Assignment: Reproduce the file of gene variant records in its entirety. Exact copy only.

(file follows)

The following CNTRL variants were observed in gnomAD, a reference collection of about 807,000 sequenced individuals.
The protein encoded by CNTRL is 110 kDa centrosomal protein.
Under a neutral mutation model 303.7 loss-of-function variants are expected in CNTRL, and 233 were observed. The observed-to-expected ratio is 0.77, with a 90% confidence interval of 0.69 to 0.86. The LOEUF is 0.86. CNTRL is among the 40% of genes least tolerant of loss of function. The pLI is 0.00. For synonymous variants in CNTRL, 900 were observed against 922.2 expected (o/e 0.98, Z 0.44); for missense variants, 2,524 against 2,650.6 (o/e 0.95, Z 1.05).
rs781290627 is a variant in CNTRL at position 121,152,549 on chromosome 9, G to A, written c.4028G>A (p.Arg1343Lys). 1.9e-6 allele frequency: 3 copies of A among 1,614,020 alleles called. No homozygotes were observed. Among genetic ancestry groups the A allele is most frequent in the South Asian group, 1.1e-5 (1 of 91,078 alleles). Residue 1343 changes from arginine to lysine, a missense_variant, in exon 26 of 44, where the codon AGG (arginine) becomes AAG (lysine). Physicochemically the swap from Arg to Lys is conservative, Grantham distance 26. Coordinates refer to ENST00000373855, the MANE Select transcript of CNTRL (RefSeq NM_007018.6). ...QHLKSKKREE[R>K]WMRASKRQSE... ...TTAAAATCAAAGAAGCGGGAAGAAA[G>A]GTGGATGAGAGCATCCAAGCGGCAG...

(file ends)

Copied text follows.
The following CNTRL variants were observed in gnomAD, a reference collection of about 807,000 sequenced individuals.
The protein encoded by CNTRL is 110 kDa centrosomal protein.
Under a neutral mutation model 303.7 loss-of-function variants are expected in CNTRL, and 233 were observed. The observed-to-expected ratio is 0.77, with a 90% confidence interval of 0.69 to 0.86. The LOEUF is 0.86. CNTRL is among the 40% of genes least tolerant of loss of function. The pLI is 0.00. For synonymous variants in CNTRL, 900 were observed against 922.2 expected (o/e 0.98, Z 0.44); for missense variants, 2,524 against 2,650.6 (o/e 0.95, Z 1.05).
rs781290627 is a variant in CNTRL at position 121,152,549 on chromosome 9, G to A, written c.4028G>A (p.Arg1343Lys). 1.9e-6 allele frequency: 3 copies of A among 1,614,020 alleles called. No homozygotes were observed. Among genetic ancestry groups the A allele is most frequent in the South Asian group, 1.1e-5 (1 of 91,078 alleles). Residue 1343 changes from arginine to lysine, a missense_variant, in exon 26 of 44, where the codon AGG (arginine) becomes AAG (lysine). Physicochemically the swap from Arg to Lys is conservative, Grantham distance 26. Coordinates refer to ENST00000373855, the MANE Select transcript of CNTRL (RefSeq NM_007018.6). ...QHLKSKKREE[R>K]WMRASKRQSE... ...TTAAAATCAAAGAAGCGGGAAGAAA[G>A]GTGGATGAGAGCATCCAAGCGGCAG...